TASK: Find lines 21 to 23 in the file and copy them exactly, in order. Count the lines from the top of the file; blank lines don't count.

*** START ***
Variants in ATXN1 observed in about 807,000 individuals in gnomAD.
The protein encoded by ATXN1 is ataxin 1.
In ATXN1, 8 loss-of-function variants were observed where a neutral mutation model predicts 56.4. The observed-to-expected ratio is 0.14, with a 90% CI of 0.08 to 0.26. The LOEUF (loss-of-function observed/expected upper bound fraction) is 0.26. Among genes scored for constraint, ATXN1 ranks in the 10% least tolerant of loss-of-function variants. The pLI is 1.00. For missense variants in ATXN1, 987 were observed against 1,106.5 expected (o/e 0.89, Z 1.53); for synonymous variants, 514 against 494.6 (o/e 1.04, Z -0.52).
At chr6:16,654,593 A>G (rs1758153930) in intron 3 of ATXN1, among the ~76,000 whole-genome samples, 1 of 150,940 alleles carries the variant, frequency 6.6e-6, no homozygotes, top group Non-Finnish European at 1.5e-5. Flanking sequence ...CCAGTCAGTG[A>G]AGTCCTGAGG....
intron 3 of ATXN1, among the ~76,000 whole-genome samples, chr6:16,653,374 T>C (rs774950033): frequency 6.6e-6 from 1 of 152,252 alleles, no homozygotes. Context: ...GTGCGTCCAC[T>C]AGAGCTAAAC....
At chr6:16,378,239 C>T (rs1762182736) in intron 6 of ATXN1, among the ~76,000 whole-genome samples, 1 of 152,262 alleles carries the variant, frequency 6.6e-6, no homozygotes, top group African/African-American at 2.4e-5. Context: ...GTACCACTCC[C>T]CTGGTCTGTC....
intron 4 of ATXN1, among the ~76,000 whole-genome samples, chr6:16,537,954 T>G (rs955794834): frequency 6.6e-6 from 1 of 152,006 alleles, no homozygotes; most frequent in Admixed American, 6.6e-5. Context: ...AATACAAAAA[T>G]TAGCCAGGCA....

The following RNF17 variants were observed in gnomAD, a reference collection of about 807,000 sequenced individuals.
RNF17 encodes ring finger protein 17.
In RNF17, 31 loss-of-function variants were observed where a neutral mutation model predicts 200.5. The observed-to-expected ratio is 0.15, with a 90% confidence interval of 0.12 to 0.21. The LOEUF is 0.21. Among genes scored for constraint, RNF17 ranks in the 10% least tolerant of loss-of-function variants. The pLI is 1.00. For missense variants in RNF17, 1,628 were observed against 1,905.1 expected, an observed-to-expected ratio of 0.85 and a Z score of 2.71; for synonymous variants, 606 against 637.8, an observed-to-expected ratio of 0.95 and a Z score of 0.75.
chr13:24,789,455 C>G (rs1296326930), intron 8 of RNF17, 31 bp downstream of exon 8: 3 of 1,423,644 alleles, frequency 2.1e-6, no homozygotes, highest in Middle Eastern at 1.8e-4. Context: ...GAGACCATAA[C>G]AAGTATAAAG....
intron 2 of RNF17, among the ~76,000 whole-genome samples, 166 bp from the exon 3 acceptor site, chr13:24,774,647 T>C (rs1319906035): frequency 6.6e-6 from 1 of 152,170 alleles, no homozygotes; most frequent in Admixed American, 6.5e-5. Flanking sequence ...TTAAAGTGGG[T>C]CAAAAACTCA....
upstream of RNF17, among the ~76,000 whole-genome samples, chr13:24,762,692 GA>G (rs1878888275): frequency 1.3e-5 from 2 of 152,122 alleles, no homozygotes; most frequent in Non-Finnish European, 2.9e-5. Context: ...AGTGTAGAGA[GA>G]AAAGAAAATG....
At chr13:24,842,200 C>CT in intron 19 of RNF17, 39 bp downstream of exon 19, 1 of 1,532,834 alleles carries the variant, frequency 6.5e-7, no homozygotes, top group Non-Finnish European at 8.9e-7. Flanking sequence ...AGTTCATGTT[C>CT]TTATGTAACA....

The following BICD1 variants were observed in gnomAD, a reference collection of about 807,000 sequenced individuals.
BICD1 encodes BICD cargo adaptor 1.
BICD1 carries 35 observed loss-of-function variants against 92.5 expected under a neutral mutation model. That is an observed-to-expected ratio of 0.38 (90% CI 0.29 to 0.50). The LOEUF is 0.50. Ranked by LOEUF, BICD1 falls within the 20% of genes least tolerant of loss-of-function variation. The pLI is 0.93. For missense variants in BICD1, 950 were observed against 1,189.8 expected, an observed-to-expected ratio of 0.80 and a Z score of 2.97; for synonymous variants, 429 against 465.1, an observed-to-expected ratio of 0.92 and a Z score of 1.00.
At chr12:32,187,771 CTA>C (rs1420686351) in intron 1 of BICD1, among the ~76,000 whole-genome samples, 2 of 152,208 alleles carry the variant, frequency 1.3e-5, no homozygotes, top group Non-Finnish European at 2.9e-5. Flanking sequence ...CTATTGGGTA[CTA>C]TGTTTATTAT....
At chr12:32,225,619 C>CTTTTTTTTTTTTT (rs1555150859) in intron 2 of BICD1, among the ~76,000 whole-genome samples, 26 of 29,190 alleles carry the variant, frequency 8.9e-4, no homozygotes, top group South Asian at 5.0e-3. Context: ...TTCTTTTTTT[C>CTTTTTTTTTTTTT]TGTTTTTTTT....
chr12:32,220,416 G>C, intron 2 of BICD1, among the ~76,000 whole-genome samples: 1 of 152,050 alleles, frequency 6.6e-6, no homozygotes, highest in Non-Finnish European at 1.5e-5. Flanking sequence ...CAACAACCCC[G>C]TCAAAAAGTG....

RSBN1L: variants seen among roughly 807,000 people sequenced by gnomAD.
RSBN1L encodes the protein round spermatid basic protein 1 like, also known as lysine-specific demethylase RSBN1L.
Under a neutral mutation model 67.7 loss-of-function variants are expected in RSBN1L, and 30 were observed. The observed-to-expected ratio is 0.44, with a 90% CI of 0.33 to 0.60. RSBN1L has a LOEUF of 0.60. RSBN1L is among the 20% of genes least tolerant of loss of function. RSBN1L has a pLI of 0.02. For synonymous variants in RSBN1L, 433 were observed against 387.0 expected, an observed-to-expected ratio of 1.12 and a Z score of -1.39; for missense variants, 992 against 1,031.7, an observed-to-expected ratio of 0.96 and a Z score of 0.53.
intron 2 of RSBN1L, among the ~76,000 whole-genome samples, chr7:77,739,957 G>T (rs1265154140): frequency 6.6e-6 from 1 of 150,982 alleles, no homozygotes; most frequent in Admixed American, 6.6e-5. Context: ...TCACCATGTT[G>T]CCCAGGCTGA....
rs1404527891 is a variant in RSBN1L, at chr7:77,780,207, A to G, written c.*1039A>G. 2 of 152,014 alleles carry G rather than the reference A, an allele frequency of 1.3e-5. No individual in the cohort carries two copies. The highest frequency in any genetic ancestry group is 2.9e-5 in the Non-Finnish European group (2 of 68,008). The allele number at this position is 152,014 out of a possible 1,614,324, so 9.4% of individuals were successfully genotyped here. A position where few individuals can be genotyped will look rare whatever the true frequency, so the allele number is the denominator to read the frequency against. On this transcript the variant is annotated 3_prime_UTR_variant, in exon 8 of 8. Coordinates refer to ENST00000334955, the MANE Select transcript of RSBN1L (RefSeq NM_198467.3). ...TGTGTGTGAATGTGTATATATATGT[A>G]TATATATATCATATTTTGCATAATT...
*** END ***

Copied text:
RSBN1L: variants seen among roughly 807,000 people sequenced by gnomAD.
RSBN1L encodes the protein round spermatid basic protein 1 like, also known as lysine-specific demethylase RSBN1L.
Under a neutral mutation model 67.7 loss-of-function variants are expected in RSBN1L, and 30 were observed. The observed-to-expected ratio is 0.44, with a 90% CI of 0.33 to 0.60. RSBN1L has a LOEUF of 0.60. RSBN1L is among the 20% of genes least tolerant of loss of function. RSBN1L has a pLI of 0.02. For synonymous variants in RSBN1L, 433 were observed against 387.0 expected, an observed-to-expected ratio of 1.12 and a Z score of -1.39; for missense variants, 992 against 1,031.7, an observed-to-expected ratio of 0.96 and a Z score of 0.53.